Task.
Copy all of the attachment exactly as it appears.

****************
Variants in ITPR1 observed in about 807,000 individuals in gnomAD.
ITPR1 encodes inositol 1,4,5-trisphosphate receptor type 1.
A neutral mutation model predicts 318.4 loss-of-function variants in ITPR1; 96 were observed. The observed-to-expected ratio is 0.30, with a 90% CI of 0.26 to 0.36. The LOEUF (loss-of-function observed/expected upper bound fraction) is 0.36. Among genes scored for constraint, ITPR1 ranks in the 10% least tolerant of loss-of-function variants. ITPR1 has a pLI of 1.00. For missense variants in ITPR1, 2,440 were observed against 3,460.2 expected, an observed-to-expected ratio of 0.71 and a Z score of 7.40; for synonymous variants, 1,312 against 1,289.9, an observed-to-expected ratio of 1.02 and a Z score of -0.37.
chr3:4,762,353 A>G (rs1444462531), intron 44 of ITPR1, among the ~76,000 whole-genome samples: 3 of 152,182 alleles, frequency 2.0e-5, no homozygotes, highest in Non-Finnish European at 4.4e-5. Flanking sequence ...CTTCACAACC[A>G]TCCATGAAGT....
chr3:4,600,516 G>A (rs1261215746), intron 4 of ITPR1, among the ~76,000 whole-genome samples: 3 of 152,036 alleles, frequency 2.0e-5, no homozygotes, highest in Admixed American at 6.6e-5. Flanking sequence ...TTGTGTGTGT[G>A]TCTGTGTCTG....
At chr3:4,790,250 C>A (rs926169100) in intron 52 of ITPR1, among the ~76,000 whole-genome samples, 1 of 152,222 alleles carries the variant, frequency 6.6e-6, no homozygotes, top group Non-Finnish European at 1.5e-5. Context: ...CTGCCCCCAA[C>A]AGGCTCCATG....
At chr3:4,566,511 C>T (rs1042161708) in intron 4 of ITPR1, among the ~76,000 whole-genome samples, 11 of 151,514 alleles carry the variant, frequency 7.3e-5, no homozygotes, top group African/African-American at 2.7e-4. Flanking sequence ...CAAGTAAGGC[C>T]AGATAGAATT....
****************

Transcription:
Variants in ITPR1 observed in about 807,000 individuals in gnomAD.
ITPR1 encodes inositol 1,4,5-trisphosphate receptor type 1.
A neutral mutation model predicts 318.4 loss-of-function variants in ITPR1; 96 were observed. The observed-to-expected ratio is 0.30, with a 90% CI of 0.26 to 0.36. The LOEUF (loss-of-function observed/expected upper bound fraction) is 0.36. Among genes scored for constraint, ITPR1 ranks in the 10% least tolerant of loss-of-function variants. ITPR1 has a pLI of 1.00. For missense variants in ITPR1, 2,440 were observed against 3,460.2 expected, an observed-to-expected ratio of 0.71 and a Z score of 7.40; for synonymous variants, 1,312 against 1,289.9, an observed-to-expected ratio of 1.02 and a Z score of -0.37.
chr3:4,762,353 A>G (rs1444462531), intron 44 of ITPR1, among the ~76,000 whole-genome samples: 3 of 152,182 alleles, frequency 2.0e-5, no homozygotes, highest in Non-Finnish European at 4.4e-5. Flanking sequence ...CTTCACAACC[A>G]TCCATGAAGT....
chr3:4,600,516 G>A (rs1261215746), intron 4 of ITPR1, among the ~76,000 whole-genome samples: 3 of 152,036 alleles, frequency 2.0e-5, no homozygotes, highest in Admixed American at 6.6e-5. Flanking sequence ...TTGTGTGTGT[G>A]TCTGTGTCTG....
At chr3:4,790,250 C>A (rs926169100) in intron 52 of ITPR1, among the ~76,000 whole-genome samples, 1 of 152,222 alleles carries the variant, frequency 6.6e-6, no homozygotes, top group Non-Finnish European at 1.5e-5. Context: ...CTGCCCCCAA[C>A]AGGCTCCATG....
At chr3:4,566,511 C>T (rs1042161708) in intron 4 of ITPR1, among the ~76,000 whole-genome samples, 11 of 151,514 alleles carry the variant, frequency 7.3e-5, no homozygotes, top group African/African-American at 2.7e-4. Flanking sequence ...CAAGTAAGGC[C>T]AGATAGAATT....